Jump to content

English Bull Terriers


Recommended Posts


  • Replies 445
  • Created
  • Last Reply

Top Posters In This Topic

Top Posters In This Topic

Popular Posts

heres a couple of pics, too many, sorry. i owned the brindle bitch. The white dog is my brothers, thunder rock bred and everything a bullie shod be. Both were 100% driven and capable. I know the breed

Posted this before in another section i know, but here's an e.b.t. x i owned close to thirty years ago now...an absolute b*****d of a dog. I've been around all of the bull and terrier types over the y

Without wishing to offend..........why would somebody called " working bull and terrier " be so bothered about " a straighter profile " and importing one " that looks like those " and be calling dogs

Posted Images

3 hours ago, forest of dean redneck said:

Plenty of old toyotas an landrovers out there 👍

I've always had Toyota Hilux utes,I bought an old one for $4000 and sold it for $4000 8 years later,still running perfectly.I only sold it to get a later model Hilux 4wd to get to spots easier.

  • Like 1
Link to post
30 minutes ago, gnasher16 said:

Without wishing to sound impolite i will never know why people allow little dogs like that to get so heavy its a massive strain on their joints.

I toatly agree with you gnasher.

I can't understand it. 

The usual reasons, over feeding the wrong type of food, to many "treats, and lazy owners.

Shame really, he would be a lot happier with half the weight, and a longer life span.

Atb j 

  • Like 1
Link to post
On 12/08/2020 at 22:59, Bosun11 said:

I'd recon that would be about right mate.

Mine was good as gold but then he was always working.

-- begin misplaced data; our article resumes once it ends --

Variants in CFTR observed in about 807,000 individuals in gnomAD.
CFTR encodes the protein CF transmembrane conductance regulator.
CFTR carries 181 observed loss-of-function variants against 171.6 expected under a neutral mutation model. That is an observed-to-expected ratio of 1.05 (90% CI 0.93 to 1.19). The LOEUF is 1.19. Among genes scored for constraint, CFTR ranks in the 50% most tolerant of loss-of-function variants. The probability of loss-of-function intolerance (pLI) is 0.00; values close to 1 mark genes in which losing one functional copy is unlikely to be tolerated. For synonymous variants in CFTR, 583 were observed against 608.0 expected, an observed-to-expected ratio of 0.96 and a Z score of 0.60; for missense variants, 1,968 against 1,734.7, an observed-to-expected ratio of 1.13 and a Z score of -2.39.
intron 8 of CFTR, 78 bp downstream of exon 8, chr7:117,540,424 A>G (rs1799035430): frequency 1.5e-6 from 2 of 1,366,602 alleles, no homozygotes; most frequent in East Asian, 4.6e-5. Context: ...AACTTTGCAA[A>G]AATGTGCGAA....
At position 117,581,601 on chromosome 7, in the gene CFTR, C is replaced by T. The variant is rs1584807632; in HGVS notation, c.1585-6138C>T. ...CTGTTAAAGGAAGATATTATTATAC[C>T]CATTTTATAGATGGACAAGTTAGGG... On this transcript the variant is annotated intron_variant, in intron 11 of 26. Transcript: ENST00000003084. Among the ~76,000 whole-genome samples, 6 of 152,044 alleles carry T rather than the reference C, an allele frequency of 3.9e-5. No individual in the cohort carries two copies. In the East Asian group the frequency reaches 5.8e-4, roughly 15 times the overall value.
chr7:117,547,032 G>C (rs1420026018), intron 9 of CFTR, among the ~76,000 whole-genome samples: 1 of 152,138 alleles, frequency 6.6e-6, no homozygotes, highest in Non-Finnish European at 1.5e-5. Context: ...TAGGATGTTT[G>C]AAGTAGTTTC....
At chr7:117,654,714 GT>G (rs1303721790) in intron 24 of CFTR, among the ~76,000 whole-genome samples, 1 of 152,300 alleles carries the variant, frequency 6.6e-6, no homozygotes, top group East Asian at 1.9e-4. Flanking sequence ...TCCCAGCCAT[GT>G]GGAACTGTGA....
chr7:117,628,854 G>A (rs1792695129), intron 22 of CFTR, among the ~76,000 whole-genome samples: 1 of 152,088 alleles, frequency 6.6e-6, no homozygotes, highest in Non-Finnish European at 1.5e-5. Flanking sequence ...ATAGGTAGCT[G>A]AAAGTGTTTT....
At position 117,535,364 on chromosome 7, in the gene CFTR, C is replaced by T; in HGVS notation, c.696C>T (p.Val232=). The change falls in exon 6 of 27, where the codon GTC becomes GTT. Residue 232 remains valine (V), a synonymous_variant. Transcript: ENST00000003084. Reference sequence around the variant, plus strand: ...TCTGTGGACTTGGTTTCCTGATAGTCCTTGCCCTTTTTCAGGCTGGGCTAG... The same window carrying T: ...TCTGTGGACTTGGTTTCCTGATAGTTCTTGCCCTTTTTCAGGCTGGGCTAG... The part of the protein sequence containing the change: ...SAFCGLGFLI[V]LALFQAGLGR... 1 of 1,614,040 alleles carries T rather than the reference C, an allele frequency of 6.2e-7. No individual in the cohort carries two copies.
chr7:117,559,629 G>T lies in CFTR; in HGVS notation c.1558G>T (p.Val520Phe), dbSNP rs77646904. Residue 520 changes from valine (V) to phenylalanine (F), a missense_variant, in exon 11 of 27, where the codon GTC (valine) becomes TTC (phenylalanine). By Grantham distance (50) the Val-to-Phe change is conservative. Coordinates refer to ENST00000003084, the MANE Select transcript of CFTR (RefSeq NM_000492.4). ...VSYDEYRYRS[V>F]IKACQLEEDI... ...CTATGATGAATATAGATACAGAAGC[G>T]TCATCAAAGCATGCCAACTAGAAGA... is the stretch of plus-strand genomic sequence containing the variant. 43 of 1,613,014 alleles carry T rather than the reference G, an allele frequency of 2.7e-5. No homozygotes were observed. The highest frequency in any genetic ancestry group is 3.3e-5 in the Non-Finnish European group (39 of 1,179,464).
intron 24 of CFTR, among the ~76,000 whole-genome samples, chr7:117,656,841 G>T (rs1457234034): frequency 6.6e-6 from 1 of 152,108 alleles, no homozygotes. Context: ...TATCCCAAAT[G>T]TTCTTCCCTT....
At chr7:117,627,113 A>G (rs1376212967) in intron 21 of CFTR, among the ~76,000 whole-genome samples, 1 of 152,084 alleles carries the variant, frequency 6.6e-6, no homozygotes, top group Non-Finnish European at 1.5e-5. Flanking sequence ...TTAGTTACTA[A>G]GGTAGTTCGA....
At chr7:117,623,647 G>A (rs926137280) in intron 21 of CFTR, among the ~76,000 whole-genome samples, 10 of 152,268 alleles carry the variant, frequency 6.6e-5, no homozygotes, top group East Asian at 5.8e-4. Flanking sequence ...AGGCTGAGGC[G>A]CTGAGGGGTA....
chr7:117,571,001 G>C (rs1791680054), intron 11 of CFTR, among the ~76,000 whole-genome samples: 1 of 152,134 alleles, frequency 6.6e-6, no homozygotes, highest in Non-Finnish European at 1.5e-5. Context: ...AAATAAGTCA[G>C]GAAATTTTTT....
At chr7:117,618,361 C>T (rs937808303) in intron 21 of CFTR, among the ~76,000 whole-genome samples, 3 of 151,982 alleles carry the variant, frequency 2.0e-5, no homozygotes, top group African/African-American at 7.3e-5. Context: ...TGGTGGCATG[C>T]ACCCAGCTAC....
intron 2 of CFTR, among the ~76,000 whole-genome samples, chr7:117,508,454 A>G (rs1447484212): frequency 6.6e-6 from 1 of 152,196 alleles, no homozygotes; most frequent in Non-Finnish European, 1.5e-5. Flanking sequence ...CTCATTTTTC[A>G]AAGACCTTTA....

Back when i owned mine and had a massive interest in the breed, i knew of almost every BT in about half of the city. Most of them, including my dogs half brother, had bitten someone in the household.

There was a lady that lived down our street who had one, they had it for most of my life but i never seen it. The street i grew up in, was a typical terraced street of small two up two down houses.

This lady, Mrs Crutson, always looked out of place living there. A slim, sexless shrew  always smartly dressed, with a head scarf and horn rimmed glasses. I only seen her on occasion, walking hurredly down the street to shop, she never seemed to speak to anyone and though she was married, i never ever seen her husband in 16 years!

When i got my BT pup, neighbours who came to see it started to tell me that Mrs Crutson has one of them dogs, its huge and everytime they told me, they all rolled their eyes?

I remember stopping outside her front door and hearing that snuffling sound of a dog sniffing under the door, which i'd never noticed before in the thousands of times i'd walked past. I was determined to see this dog but it took me weeks to pluck up 'courage' to knock, she was such an odd lady.

So i did and after what seemed like an age, the door opened a crack and one horned rimmed eye peered out at me. I blurted out that i had a dog the same as hers and could i possibly see it, because i loved the breed? She looked terrified, telling me no and shutting the door on me.